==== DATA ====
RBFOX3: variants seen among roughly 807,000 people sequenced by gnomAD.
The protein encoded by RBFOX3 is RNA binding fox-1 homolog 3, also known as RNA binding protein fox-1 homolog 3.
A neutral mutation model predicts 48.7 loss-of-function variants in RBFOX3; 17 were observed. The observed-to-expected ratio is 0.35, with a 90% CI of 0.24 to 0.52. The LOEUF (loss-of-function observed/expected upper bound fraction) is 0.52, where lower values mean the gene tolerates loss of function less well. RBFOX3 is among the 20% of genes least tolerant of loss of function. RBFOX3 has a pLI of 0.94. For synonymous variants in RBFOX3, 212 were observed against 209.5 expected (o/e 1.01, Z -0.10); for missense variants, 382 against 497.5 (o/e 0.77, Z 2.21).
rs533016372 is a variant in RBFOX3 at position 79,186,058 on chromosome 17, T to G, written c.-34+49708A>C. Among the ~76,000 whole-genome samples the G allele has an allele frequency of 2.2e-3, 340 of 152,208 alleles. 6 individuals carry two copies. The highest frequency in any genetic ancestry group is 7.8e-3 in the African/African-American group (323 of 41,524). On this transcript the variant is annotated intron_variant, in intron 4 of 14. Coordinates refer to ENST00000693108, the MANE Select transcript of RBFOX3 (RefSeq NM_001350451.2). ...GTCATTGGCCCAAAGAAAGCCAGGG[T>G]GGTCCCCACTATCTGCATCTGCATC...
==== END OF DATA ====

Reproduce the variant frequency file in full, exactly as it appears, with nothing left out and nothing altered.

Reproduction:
RBFOX3: variants seen among roughly 807,000 people sequenced by gnomAD.
The protein encoded by RBFOX3 is RNA binding fox-1 homolog 3, also known as RNA binding protein fox-1 homolog 3.
A neutral mutation model predicts 48.7 loss-of-function variants in RBFOX3; 17 were observed. The observed-to-expected ratio is 0.35, with a 90% CI of 0.24 to 0.52. The LOEUF (loss-of-function observed/expected upper bound fraction) is 0.52, where lower values mean the gene tolerates loss of function less well. RBFOX3 is among the 20% of genes least tolerant of loss of function. RBFOX3 has a pLI of 0.94. For synonymous variants in RBFOX3, 212 were observed against 209.5 expected (o/e 1.01, Z -0.10); for missense variants, 382 against 497.5 (o/e 0.77, Z 2.21).
rs533016372 is a variant in RBFOX3 at position 79,186,058 on chromosome 17, T to G, written c.-34+49708A>C. Among the ~76,000 whole-genome samples the G allele has an allele frequency of 2.2e-3, 340 of 152,208 alleles. 6 individuals carry two copies. The highest frequency in any genetic ancestry group is 7.8e-3 in the African/African-American group (323 of 41,524). On this transcript the variant is annotated intron_variant, in intron 4 of 14. Coordinates refer to ENST00000693108, the MANE Select transcript of RBFOX3 (RefSeq NM_001350451.2). ...GTCATTGGCCCAAAGAAAGCCAGGG[T>G]GGTCCCCACTATCTGCATCTGCATC...